Higher Ed in Prison and Professional Development

A (very) brief overview

I’m sharing this information because prison education programs (PEP) are almost entirely overlooked in terms of professional development. Prison ed programs are often isolated, very small, and there is little material or training specific to their unique circumstances. That’s why I wrote my book, and am glad to see that the field is now growing rapidly.

If you are part of a Teaching & Learning Center, or other professional development arm of your organization and have a prison education program on or affiliated with your campus, I encourage you to reach out to them.  If they work in a facility full-time, their scheduling needs are likely to clash with regular campus hours and offerings. They may also be interested in offerings tailored to their particular environment and population.

Prison education programs have existed mostly on the fringes between community colleges, universities, and volunteer programs.  Until 1994, Pell was available for prison education, but the 1994 Crime bill banned Pell for incarcerated people.  That changed in December 2020, when Congress lifted the ban and reinstated Pell, beginning July 1 2023.  As you can guess, it has been a big lift for existing programs to prepare, and the number of new programs trying to get up and running is overwhelming. 

Most carceral (prison & jail) education programs are isolated from their free campus counterparts, especially if they are fully formed programs that operate in a prison facility.  Many programs are a combination of a few faculty who teach part-time at the prison or jail, and work with college and Department of Corrections (DOC) or jail staff to handle administrative tasks.  Programs that are fully located inside of facilities operate almost like their own campus, handle their own admissions, enrollment, financials, and other student-related activities.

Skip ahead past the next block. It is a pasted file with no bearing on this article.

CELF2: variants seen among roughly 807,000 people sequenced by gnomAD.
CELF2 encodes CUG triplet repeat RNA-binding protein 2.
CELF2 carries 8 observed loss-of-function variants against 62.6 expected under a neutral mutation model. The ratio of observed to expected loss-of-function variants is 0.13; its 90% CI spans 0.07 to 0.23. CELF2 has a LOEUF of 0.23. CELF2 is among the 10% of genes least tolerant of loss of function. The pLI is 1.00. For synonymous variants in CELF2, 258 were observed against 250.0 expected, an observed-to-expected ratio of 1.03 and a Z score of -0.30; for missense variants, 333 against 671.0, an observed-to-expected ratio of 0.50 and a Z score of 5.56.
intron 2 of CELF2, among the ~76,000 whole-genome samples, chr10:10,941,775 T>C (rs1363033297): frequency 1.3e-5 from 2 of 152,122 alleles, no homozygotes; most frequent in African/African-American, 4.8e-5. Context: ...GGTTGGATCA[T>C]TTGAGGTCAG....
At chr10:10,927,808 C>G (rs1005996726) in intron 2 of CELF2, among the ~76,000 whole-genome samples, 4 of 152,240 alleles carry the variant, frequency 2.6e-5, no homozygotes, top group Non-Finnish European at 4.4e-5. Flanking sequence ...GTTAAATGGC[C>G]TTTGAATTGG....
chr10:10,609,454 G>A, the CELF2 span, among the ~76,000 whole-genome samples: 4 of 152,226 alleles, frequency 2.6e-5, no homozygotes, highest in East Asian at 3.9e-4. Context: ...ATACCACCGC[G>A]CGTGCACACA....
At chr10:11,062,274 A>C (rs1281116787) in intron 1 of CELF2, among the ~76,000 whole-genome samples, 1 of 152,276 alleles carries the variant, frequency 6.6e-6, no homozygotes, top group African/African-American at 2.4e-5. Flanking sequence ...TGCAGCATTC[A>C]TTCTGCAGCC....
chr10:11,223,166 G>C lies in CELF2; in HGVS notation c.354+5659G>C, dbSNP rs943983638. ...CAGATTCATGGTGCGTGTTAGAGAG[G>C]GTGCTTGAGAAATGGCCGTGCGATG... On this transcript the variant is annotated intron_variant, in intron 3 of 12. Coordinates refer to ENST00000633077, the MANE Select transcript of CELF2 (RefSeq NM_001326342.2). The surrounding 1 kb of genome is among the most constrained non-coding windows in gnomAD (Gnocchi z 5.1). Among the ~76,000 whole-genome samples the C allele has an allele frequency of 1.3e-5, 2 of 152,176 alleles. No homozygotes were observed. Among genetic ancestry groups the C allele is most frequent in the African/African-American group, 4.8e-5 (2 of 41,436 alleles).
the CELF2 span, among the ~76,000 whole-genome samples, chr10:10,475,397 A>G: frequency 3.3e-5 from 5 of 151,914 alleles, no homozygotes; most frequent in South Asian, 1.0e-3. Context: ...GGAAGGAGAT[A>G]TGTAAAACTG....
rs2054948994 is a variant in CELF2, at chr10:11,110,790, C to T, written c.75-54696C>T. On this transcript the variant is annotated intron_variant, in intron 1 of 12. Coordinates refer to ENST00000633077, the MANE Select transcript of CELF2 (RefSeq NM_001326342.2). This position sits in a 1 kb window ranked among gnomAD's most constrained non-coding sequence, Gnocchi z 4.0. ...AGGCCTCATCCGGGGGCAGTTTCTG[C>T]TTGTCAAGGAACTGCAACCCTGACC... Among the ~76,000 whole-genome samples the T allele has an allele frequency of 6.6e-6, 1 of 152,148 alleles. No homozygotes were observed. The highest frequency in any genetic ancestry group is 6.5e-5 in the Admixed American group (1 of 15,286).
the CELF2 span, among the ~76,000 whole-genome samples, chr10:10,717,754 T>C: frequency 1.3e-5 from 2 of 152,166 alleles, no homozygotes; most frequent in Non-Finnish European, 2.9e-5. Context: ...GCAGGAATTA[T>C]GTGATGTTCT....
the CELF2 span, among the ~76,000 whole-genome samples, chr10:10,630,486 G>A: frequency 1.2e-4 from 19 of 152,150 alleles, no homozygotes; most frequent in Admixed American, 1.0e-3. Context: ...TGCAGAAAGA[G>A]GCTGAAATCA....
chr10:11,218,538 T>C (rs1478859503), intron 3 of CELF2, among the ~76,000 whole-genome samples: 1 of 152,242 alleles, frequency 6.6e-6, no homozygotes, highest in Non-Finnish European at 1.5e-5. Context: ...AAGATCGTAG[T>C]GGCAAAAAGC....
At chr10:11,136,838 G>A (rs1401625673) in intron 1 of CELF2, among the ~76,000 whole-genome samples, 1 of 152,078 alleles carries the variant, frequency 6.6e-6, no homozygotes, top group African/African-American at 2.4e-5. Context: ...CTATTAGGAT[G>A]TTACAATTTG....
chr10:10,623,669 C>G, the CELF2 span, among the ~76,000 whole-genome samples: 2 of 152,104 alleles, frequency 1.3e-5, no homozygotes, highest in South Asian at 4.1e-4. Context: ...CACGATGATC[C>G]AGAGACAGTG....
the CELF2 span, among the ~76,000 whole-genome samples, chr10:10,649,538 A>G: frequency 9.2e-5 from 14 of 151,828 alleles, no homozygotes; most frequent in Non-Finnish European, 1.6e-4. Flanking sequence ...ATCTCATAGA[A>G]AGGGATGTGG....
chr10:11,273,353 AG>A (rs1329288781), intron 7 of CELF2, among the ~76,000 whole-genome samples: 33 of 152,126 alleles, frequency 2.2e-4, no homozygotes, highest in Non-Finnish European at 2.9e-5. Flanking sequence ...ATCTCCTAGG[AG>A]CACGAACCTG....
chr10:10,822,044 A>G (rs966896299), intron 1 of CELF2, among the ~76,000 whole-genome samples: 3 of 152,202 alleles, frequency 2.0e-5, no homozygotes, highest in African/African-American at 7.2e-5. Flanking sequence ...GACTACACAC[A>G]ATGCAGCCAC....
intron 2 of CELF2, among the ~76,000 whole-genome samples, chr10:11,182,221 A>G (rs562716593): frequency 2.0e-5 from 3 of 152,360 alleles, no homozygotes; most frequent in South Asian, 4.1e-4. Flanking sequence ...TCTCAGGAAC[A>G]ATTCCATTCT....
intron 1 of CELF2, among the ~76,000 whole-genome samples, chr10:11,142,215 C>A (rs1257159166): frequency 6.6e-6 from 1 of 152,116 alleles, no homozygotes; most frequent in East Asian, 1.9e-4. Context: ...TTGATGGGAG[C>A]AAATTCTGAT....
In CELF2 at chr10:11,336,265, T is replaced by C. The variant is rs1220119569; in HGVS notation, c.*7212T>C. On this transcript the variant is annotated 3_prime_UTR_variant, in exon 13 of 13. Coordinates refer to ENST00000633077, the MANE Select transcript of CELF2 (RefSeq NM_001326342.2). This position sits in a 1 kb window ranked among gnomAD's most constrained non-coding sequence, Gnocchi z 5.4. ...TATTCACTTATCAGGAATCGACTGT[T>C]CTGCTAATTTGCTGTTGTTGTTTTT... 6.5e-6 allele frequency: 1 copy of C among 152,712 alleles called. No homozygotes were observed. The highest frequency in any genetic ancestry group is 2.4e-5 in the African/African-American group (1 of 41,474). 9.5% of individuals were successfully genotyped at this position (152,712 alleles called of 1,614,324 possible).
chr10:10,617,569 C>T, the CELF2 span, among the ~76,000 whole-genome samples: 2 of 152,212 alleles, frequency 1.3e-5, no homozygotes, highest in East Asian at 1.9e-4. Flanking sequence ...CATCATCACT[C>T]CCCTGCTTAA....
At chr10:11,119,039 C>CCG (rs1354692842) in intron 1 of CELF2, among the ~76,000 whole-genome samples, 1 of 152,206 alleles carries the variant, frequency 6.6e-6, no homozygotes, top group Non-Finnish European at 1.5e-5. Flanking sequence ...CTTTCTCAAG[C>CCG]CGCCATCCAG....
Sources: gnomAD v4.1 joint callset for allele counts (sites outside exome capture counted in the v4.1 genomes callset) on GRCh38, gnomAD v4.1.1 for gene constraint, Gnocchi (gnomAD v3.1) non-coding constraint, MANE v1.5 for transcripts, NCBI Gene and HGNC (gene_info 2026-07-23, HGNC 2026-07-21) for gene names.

Resources for prison education programs have been few and far between for the last three decades, but that is changing also.  In the last three years, there has been a great deal of work at the national level to help people understand the impacts of Pell reinstatement, and how to plan and build programs.  This planning and development is complex and requires attention. Prison ed programs may operate like their own mini-campus, handling both instruction and student services. They must navigate the needs of students, requirements of college systems, and the demands of DOCs and other carceral facilities.

NOTE: At this time, I am not aware of any college or other institution offering credit or non-credit coursework specific to teaching in prison. There are efforts underway to create such training to onramp new instructors, and ongoing training for more experienced professional.

I’m happy to answer questions or make connections, and also recommend my book, Building a Trauma-Responsive Educational Practice: Lessons from a Corrections Classroom.(Routledge, 2022)

two copies of my book, one on top of the other.  book cover has a face in profile, with electric streams of light flowing from the third eye/front brain and flowing throughout
I love this cover, it makes me very happy 🙂

More Information

Alliance for Higher Ed in Prison

Corrections Education Association

Pell reinstatement

Most of all, let your folks know that you’re thinking about them and care about their development as educators.  In my experience, many prison eductors rarely engage with their TLC or prof dev folks. They may not even know they are a resource. I would love for that to change, and for prison ed folks to feel more connected to their free campus colleagues.

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